The 21st century will be the century of saving resources — energy, raw materials, minerals, spatial, financial, labor, food, etc. And it has a direct relationship to transport communications. They should be only on the "second" level above the ground, which has been long before occupied by flora and fauna, where the SkyWay will be out of competition.
In the 20th century the world population grew up by 4 times, with the GDP growth by 20 times, which increased the demand for some natural resources by 2,000%. However, the world has entered the era of expensive resources — the era of low prices remained in the past. The growth of the middle class by 3 billion people over the next 20 years will dramatically increase the demand for new resources, and the search of new sources of raw materials, energy, water and food is complicated and expensive. The jump in demand will occur at precisely the moment when the search of new sources of resources becomes difficult or expensive, and we shall face the "resource revolution". The deficit or price rise on one type of resources can spread over to other ones. An attempt to satisfy the growing demand with proportional increase in production will require in future additional investment of up to USD 10 trillion a year and shall be of serious risks for the civilization.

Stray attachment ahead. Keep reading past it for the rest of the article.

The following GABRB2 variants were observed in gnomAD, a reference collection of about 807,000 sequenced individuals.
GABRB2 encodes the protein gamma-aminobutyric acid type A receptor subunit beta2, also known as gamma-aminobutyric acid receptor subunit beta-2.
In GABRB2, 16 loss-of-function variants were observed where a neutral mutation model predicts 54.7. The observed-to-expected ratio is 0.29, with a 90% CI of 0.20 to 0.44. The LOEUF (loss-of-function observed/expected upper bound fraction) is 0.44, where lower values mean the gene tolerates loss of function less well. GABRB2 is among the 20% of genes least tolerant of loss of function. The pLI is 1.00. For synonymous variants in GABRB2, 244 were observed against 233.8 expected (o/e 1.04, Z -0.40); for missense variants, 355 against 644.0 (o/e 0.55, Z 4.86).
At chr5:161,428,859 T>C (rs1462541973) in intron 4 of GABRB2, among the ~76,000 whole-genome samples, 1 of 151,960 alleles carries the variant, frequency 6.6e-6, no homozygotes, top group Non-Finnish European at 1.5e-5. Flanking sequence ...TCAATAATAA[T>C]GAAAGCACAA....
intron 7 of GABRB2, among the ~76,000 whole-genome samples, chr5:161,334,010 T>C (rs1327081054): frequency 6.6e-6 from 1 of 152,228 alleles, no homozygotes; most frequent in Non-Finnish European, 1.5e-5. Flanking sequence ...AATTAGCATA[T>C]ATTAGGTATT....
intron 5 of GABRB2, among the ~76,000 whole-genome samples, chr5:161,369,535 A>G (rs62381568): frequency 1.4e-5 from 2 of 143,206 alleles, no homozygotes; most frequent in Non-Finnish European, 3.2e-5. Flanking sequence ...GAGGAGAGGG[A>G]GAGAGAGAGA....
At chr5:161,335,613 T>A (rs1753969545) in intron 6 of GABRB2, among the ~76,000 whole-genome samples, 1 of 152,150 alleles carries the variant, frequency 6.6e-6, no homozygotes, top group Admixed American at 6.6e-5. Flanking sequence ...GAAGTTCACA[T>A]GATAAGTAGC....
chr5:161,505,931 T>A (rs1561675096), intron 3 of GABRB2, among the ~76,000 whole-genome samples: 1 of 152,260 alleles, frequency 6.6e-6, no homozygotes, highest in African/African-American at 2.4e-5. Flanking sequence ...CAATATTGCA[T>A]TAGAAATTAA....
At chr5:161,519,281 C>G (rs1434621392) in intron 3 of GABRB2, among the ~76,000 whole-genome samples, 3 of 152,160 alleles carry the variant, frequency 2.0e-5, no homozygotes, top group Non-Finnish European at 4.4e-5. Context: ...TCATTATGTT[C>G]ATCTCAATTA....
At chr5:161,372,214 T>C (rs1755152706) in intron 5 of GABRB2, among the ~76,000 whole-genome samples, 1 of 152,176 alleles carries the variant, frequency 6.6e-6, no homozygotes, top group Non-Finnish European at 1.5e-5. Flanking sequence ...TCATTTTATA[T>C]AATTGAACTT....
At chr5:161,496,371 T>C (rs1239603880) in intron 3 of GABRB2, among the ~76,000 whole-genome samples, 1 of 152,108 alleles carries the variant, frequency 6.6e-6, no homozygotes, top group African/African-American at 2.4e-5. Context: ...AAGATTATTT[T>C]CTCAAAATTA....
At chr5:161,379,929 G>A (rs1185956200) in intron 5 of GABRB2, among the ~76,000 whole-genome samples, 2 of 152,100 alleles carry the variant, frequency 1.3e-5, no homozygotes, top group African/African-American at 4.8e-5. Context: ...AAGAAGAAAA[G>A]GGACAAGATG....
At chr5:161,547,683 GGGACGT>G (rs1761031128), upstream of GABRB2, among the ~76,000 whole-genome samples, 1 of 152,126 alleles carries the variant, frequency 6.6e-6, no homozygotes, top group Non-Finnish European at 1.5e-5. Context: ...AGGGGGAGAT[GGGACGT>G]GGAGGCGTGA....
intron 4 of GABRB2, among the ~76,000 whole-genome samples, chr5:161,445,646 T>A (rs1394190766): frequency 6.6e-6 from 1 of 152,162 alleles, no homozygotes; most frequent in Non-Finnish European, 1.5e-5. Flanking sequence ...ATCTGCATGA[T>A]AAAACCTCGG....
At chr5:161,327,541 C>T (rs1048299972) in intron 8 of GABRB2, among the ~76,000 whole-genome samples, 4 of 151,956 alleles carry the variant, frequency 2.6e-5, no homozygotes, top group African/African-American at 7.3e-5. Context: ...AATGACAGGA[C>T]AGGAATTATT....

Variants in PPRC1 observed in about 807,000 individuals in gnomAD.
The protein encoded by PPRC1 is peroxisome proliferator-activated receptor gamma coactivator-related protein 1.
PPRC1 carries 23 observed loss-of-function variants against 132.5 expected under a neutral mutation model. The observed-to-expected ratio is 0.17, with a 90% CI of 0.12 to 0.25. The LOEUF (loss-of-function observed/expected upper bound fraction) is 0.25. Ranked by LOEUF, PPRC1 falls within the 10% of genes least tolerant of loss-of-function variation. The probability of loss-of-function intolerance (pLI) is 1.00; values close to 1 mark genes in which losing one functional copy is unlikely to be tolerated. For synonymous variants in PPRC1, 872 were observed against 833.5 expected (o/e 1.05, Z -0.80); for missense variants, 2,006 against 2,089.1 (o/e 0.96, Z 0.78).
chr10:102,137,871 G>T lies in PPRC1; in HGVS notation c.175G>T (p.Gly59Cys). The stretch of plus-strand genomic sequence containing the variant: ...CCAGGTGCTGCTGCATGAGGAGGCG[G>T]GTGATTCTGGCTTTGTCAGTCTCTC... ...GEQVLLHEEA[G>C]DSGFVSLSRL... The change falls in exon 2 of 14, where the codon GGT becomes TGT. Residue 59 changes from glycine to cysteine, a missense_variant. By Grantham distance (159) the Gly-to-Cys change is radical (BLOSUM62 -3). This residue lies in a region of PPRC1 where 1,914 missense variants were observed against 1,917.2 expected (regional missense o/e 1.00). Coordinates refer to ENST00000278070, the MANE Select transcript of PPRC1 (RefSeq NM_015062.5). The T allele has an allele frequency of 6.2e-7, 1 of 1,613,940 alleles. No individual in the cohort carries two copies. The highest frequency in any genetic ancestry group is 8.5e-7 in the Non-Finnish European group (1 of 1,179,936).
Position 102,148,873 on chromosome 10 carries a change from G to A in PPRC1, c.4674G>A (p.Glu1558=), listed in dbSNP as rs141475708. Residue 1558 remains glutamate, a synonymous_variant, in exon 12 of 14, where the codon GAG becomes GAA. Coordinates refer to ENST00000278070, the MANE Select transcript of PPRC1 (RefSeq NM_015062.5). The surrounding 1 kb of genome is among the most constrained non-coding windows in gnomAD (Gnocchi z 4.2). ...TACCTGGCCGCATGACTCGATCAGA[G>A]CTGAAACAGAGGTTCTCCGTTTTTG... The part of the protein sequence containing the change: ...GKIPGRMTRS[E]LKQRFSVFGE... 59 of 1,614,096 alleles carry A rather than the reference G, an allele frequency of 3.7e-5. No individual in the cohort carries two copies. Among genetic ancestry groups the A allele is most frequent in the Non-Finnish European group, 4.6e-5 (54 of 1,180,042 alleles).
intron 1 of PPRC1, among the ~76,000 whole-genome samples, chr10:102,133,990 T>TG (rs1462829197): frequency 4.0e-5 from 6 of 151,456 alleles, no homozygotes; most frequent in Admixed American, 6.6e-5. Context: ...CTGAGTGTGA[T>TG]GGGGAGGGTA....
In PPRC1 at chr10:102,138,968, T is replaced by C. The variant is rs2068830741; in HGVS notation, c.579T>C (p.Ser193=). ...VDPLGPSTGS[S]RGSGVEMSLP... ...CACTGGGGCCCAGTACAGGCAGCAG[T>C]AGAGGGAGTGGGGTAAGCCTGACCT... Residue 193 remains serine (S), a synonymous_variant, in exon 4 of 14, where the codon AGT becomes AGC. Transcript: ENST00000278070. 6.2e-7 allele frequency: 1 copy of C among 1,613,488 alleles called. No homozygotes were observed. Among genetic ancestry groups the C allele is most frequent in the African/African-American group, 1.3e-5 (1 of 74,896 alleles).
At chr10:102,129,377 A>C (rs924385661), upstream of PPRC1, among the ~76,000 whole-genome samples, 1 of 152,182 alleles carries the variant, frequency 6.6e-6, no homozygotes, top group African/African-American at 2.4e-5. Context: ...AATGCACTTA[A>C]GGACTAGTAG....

The SkyWay will be able to provide double saving for the humanity.
First, string cargo routes will provide cheap access to mineral resources that are not accessible currently. It is because they are located, for example, high in the mountains, in the tundra and on the Arctic ocean shelf, deep in the vast deserts, in the heart of continents, such as Australia. Accessible mineral resources will allow the global economy to continue to develop dynamically.